Russia Monitor is a review of the most important events related to Russian internal and external security, as well as its foreign policies.
Date: 3 March 2022 Author: Grzegorz Kuczyński
Day 7 of Russian Invasion of Ukraine: Kharkiv, Mariupol, and Kherson Come under Heavy Fire
As the Russian invasion of Ukraine entered its next day on March 2, some heavy fighting was reported. The Russian convoy is stalled but its forces are encircling Ukraine’s bigger cities to destroy them. At the end of the day, forces defending Kherson were in the worst situation on the southern front. But the Russian offensive on Kyiv slowed down.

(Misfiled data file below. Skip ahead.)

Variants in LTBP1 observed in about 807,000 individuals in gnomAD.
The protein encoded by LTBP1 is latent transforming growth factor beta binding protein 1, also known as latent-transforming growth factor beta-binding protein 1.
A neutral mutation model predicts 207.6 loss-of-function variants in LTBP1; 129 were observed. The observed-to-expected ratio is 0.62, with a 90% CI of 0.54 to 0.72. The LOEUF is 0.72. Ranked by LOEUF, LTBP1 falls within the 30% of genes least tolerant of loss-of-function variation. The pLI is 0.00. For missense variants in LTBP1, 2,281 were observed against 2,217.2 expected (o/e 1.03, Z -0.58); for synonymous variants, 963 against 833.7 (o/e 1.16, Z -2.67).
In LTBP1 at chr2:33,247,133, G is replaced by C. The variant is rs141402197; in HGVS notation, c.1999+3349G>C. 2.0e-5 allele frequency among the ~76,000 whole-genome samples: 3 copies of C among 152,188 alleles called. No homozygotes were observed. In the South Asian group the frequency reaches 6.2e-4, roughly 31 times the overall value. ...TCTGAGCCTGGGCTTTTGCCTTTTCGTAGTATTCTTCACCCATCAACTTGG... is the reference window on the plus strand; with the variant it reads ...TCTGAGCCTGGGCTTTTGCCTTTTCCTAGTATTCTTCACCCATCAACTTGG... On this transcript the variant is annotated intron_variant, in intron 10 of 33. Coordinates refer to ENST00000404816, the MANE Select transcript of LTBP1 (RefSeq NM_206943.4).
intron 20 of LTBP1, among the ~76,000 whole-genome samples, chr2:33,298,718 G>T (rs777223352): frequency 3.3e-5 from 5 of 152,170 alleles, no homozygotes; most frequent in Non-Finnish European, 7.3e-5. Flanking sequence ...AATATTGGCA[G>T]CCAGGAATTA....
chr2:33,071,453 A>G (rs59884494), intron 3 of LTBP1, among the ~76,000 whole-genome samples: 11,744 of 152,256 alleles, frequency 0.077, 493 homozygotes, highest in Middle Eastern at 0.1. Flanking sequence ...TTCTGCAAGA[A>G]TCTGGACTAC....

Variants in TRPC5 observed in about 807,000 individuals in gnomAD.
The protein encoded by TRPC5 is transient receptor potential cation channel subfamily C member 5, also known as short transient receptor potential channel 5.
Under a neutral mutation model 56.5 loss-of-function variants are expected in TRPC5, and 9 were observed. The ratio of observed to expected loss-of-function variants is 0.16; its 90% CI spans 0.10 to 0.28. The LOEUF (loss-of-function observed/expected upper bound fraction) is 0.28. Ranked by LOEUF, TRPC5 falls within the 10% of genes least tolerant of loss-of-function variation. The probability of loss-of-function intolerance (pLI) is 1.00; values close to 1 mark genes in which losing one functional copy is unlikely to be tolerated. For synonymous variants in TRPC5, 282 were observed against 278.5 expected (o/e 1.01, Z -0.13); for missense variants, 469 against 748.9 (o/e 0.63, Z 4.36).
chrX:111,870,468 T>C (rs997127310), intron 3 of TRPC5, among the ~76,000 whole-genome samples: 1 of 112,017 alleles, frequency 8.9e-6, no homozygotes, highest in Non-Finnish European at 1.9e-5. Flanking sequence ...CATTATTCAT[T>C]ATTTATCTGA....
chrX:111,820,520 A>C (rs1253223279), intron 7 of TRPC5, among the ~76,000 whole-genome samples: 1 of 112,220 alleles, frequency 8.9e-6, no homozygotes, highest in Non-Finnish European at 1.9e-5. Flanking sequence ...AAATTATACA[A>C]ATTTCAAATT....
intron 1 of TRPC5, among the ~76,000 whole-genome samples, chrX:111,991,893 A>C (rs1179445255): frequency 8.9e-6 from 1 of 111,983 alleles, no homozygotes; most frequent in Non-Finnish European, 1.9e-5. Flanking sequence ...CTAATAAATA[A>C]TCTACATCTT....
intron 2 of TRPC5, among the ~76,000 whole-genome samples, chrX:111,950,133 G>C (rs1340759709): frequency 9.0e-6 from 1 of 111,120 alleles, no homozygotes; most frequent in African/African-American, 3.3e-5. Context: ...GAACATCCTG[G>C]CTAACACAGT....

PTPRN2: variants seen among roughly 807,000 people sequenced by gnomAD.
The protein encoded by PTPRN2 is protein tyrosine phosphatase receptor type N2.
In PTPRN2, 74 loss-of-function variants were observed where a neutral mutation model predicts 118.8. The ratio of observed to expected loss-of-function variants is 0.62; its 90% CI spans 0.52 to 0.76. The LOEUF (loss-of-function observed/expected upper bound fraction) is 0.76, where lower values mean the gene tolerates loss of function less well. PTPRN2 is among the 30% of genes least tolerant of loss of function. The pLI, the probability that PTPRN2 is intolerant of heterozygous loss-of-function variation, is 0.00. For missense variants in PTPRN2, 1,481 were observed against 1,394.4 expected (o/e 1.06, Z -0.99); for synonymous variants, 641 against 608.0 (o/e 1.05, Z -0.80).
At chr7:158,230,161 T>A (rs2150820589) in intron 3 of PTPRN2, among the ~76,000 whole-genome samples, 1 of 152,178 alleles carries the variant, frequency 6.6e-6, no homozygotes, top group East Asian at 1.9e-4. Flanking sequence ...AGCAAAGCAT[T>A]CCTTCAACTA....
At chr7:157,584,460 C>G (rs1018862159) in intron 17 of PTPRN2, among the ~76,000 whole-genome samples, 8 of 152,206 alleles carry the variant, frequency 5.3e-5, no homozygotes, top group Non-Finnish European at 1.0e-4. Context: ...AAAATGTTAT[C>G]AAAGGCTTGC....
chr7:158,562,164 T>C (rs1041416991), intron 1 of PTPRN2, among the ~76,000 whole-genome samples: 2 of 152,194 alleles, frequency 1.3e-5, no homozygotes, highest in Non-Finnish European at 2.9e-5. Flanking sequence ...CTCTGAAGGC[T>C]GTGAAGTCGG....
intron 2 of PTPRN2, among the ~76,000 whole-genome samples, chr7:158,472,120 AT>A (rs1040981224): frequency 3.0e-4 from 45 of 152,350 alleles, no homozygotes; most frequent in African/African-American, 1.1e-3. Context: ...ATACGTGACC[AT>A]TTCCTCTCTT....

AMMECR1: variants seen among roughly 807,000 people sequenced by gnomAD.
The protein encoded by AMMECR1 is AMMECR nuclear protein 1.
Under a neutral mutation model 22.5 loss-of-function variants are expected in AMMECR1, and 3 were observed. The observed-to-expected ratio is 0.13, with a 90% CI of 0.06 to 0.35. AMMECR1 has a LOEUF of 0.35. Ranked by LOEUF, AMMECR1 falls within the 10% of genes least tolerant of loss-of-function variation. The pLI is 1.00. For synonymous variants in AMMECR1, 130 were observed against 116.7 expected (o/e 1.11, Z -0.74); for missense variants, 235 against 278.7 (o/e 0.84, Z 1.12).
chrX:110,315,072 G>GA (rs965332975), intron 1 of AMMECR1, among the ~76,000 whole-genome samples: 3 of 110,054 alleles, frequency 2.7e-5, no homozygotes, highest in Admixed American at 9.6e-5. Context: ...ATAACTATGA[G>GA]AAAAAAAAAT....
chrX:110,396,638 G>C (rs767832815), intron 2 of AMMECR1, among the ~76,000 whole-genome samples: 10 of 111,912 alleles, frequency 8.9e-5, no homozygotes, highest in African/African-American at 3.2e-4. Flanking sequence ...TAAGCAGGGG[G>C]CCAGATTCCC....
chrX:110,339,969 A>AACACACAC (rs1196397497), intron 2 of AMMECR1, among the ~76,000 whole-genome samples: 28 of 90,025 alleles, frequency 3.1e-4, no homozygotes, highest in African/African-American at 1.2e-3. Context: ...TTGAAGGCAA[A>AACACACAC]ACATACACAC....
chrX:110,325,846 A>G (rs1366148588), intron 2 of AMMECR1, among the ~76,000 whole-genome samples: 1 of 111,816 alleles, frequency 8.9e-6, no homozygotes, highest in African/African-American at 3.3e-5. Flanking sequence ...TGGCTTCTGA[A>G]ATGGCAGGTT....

For the last two-three days, the Ukrainian military has kept the Russians at a safe distance from the capital. The Russians attacked from the northwest and seized the Gostomel airfield yet sustained heavy losses. Now Russian forces are trying to pull large battalions on the left bank of the Dnipro river, advancing from Chernihiv. Logistics problems are stalling a massive Russian convoy that was pushing its way toward Kyiv. Thus, although the Russian command has developed a strategy after a failed strategy of “Blitzkrieg,” Russian forces, which are penetrating Ukraine’s territory, are now running out of gas and food. However, the Ukrainian military, including the country’s territorial defense troops, is hitting the enemy’s food and fuel supplies. Heavy fighting continues in Kharkiv. After a failed assault on the city last Sunday, Russian forces are increasingly relying on artillery fire, destroying the city and killing more civilians. But the invader cannot leave such a big urban area behind. It is not only about propaganda––as Kharkiv is Ukraine’s second largest city and was in the past the capital of the Ukrainian Soviet Republic––but also military considerations. If not occupied, the Russian military cannot capture Ukraine’s major cities along the middle flow of the Dnipro river––Cherkasy, Kremenchuk, or Dnipro. As Ukrainian forces are fiercely defending the city, Russian troops are incapable of cutting off a large Ukrainian military group in Donbas. The Ukrainian military is preventing the enemy from making bigger territorial gains. Russian forces are unleashing a barrage of artillery fire on the neighboring towns (including Volnovakha, inhabited by some 20,000 people). The fate of Mariupol, which is now besieged by the Russians on land and at sea, will be decisive. The Russian military is using the same strategy it did in Kharkiv, Kyiv (albeit to a limited extent because the convoy is still far from the Ukrainian capital), or Kherson (a barrage of artillery fire). It seems that Russian forces are planning to level one of the Ukrainian cities off the ground, making it a frightening example for others. The mayor of the northeastern Ukrainian town of Konotop had been given an ultimatum by Russian forces to surrender or face being wiped out by artillery. As reported on Wednesday evening, Russian forces might have seized the city of Kherson. If it is true and the Ukrainian military fails to reclaim their positions as in other cities, the southern city of Kherson will be the first Russian-controlled one. During the first seven days of the war, Russia sustained many casualties and lost many pieces of military hardware. Ukrainian military officials say that more than 7,000 Russian servicemen have been killed. The Pentagon estimated that Russian forces had fired 450 missiles in the past seven days while about 80 percent of the Russian troops that Moscow massed along Ukraine’s borders have crossed into the country. This means that Russia will be soon short of reserve forces. The Russians have not been able to dominate the airspace, which is a failure for the Kremlin. Despite Russia’s vastly larger armed forces, Ukraine’s airspace remains contested while Ukrainian warplanes are wreaking havoc on the enemy. Russian military strategists underestimated the enemy and the territory as military forces need to cover huge distances. In addition, Ukraine’s advantage is that its territorial depth is immense in the center and the west, thus where it borders NATO states.
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